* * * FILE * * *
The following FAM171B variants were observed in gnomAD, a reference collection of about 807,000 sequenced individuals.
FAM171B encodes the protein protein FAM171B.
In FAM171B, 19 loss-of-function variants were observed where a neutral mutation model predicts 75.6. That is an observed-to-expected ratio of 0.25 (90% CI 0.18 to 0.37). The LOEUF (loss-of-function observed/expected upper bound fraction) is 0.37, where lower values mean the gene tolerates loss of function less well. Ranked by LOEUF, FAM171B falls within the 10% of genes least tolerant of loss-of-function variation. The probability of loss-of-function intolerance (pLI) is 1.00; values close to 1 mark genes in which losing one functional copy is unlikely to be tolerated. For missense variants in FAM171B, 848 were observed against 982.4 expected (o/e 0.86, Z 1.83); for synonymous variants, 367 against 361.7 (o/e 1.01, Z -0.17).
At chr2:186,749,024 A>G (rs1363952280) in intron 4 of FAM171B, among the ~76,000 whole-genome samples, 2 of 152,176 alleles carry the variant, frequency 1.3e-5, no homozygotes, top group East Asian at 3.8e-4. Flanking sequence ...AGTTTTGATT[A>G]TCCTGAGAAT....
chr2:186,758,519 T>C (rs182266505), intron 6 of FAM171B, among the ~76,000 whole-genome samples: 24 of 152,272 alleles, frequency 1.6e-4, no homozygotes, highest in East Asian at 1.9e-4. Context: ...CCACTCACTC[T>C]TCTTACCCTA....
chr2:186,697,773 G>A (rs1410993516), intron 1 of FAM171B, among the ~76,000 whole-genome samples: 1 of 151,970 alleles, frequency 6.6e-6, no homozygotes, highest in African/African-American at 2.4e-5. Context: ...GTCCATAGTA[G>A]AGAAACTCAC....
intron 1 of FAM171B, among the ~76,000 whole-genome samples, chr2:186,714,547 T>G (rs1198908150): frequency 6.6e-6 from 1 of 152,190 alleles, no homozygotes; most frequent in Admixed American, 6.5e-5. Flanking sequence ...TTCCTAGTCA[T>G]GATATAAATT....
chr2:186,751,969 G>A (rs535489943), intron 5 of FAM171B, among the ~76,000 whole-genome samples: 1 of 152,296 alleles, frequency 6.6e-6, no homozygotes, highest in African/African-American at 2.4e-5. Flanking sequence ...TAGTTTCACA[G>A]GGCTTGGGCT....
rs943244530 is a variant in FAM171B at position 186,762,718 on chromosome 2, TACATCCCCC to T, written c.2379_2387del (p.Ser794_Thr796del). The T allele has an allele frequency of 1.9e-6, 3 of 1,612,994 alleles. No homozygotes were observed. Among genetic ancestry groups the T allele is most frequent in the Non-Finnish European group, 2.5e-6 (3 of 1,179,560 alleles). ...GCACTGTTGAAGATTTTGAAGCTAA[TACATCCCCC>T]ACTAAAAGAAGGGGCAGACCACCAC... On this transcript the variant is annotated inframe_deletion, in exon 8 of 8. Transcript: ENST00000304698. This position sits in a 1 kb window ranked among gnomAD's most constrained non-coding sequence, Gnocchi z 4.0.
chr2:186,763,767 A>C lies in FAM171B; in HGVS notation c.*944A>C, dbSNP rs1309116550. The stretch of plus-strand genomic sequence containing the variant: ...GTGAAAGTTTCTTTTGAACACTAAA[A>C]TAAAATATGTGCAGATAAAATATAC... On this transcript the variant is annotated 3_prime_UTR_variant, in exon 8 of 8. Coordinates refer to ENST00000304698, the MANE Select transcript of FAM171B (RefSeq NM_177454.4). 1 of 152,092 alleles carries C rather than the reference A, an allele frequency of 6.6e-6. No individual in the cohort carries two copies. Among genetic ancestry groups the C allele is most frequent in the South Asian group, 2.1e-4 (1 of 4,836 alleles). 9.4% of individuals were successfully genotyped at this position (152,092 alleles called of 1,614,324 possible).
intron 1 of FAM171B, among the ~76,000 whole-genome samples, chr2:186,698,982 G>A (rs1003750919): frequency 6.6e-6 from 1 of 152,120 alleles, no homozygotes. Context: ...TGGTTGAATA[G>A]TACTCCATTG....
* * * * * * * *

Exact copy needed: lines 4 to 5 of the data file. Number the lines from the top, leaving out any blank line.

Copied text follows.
At chr2:186,749,024 A>G (rs1363952280) in intron 4 of FAM171B, among the ~76,000 whole-genome samples, 2 of 152,176 alleles carry the variant, frequency 1.3e-5, no homozygotes, top group East Asian at 3.8e-4. Flanking sequence ...AGTTTTGATT[A>G]TCCTGAGAAT....
chr2:186,758,519 T>C (rs182266505), intron 6 of FAM171B, among the ~76,000 whole-genome samples: 24 of 152,272 alleles, frequency 1.6e-4, no homozygotes, highest in East Asian at 1.9e-4. Context: ...CCACTCACTC[T>C]TCTTACCCTA....